Customers of the “Emergency Shop” in Brent Knoll have responded to a survey, revealing their views on what should change.

More than half (60%) confirmed that they receive good service from the volunteers running the community shop, while 32% suggest that changes should be made.

Top of the list of the changes requested was an extension of opening hours.

“We have consulted with our volunteers and responded to that request for extra hours”, said David Sturgess, a member of the Steering Group for Brent Knoll’s community shop venture.

“We have now expanded opening hours from 9am to 12 noon on every week day, with Saturdays being open from 9am to 12 noon and then 2pm to 4.30pm”, said Mr Sturgess.

The Brent Knoll team has also initiated a speciality “Coffee-Stop” every Saturday morning, with a professional barista serving Italian coffees – as well as Miles Teas and hot chocolate.

While the Brent Knoll shop has a huge following on social media (NextDoor and a Facebook group), the survey also revealed the need for more advertising.

“We shall now buy adverts in the Brent Knoll News”, said Mr Sturgess.

More than half of the survey respondents (53%) urged the Brent Knoll shop to stock the best and the most local produce, with just 3% suggesting that they stock the cheapest.

“It’s been fascinating to us volunteers, who have no experience of running a shop, that we have had stocks of flour when local supermarkets were struggling to find flour – and that many of our fresh local produce is priced cheaper than our local supermarkets”, Mr Sturgess commented.

The customer survey also revealed concerns about social-distancing, with too many volunteers and customers in the shop on some occasions..

“We have taken great efforts to embrace the Covid-19 rules, but it is crucial that we ensure that every customer – and every volunteer – feels entirely safe”, said Mr Sturgess.  “We shall use this feedback to review our procedures”, he added.



David Sturgess:  -7768-078656



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Customers and volunteers at Brent Knoll’s “Emergency Shop” were interviewed on Monday (13th July) by a reporter from BBC Radio 4’s “The World Tonight” program for a feature on communities coping with Covid-19.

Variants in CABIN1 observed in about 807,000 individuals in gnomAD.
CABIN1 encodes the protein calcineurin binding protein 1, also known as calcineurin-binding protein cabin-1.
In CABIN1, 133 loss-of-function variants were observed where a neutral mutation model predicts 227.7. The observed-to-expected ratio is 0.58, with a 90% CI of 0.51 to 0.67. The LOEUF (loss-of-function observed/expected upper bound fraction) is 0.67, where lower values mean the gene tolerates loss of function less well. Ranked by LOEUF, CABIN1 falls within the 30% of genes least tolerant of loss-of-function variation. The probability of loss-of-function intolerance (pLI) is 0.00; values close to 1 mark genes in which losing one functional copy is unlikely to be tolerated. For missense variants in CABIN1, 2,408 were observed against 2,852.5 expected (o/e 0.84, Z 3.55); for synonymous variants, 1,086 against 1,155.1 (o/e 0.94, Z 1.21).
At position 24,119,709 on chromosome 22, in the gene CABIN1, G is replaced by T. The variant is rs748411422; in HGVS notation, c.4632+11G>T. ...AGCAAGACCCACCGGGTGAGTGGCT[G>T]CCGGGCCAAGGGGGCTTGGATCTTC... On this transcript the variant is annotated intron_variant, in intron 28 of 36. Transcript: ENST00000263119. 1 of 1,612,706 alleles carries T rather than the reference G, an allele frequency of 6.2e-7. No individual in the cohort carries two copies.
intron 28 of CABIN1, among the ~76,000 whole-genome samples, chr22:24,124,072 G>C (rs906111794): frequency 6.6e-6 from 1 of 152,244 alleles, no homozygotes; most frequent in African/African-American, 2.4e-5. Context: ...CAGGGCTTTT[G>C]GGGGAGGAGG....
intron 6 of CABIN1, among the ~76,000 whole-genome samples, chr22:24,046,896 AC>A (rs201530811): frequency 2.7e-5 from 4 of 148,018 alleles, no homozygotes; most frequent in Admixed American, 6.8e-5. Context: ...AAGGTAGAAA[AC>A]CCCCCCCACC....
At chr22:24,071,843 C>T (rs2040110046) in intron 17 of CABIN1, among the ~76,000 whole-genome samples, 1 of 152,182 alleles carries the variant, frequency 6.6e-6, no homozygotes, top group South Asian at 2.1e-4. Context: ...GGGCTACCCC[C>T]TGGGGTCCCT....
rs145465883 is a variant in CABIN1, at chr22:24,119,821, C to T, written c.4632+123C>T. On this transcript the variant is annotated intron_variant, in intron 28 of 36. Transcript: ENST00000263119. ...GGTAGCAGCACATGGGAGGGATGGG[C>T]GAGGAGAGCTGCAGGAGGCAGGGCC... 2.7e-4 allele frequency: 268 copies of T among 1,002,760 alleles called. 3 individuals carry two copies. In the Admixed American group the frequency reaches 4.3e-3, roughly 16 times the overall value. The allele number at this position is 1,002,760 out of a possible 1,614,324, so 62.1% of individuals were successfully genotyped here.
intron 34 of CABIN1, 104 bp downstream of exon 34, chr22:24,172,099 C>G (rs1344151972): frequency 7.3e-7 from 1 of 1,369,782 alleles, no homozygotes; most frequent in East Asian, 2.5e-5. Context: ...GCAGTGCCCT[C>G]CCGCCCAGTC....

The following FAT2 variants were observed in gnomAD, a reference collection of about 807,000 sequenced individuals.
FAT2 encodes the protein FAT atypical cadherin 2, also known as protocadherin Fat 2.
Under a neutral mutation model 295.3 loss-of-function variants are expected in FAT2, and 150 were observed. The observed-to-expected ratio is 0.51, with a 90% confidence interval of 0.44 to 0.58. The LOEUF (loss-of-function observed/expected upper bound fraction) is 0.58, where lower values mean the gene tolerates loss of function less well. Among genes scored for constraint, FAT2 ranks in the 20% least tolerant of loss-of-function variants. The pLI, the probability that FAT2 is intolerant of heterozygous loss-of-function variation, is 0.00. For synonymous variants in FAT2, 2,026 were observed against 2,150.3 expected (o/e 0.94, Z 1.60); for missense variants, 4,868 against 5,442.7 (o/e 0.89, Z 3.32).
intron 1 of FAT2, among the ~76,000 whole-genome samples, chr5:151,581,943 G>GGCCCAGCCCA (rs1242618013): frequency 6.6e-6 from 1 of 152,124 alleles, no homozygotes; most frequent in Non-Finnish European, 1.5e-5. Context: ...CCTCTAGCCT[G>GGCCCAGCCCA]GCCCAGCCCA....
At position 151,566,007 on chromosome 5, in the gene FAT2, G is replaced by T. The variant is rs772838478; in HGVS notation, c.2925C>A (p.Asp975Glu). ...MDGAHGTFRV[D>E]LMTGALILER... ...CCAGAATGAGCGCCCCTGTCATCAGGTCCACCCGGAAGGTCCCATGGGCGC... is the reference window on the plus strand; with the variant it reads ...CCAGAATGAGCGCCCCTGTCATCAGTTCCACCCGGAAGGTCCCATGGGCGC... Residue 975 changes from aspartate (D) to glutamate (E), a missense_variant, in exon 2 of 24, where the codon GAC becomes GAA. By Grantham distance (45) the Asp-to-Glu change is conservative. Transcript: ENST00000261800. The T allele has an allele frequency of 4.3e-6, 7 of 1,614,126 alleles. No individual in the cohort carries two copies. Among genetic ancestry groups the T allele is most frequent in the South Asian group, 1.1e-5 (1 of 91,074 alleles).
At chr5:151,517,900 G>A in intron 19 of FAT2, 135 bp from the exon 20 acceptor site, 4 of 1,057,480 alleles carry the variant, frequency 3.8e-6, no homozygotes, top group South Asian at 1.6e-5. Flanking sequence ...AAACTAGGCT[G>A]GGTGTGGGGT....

The BBC was responding to a national report by the Plunkett Foundation, which has supported more than 300 village community shops, and the Co-Op:  Their “Ripple Effect” report highlights the Brent Knoll “Emergency Shop” as a case-study.

BBC reporter, Paul Moss spent almost three hours interviewing volunteers and customers at Brent Knoll’s “Emergency Shop” to probe why and how a “Community shop” can thrive after a commercial shop closed in the village.

“The answer is simple”, said David Sturgess, a member of the shop venture’s Steering Group.

“As a community shop, we have more than 30 unpaid volunteers who devote their time to helping run the shop.  We do need to make a profit to remain viable, but we do not need to make a living from that profit”, he explained.

“We have also had superb support from our volunteers, from our community customers, from our Parish Council, from the owner of the shop premises, and from the Plunkett Foundation”, said Mr Sturgess.

The latest community consultation survey has resulted in the Brent Knoll “Emergency Shop” extending its opening hours (9am to 12 noon from Monday to Friday, and special hours for Saturdays:  “coffee-stop” and shop open from 9am to 12 noon – then shop re-open from 2 to 4.30pm).

“We’re now making progress towards our aim of delivering a permanent Community Shop, with the potential to re-open a Post Office”, said Mr Sturgess.

“While lockdown restrictions are eased, we must keep our ‘Emergency Shop’ under regular review, but our preference is to keep it trading until we can secure that permanent Community Shop”, he added.



  • David Sturgess:  01278-760621 or 07768-078656
  • Plunkett & Co-op “Ripple Effect” Report: Click here


Brent Knoll is in imminent danger of losing its village shop.  Our Post Office has already ceased operations (but could be revived).

The Plunkett Foundation has helped about 300 other villages to retain their village shops by converting them into Community Shops.  96% of the community shops they have helped to create over the past 25 years are still trading successfully.

Caroline Chennells, the current owner of the village shop, has been very clear – and hugely helpful.

She has explained that current trading levels are commercially unviable, and that she will have to close the shop on Sunday 1st March.

Caroline is being hugely supportive of the possibility for the shop to be taken over, and run, by the village as a Community Shop under the aegis of the Plunkett Foundation.

Many people in Brent Knoll have lamented the loss of the Post Office:  but without the village shop, there is no hope of restoring the Post Office.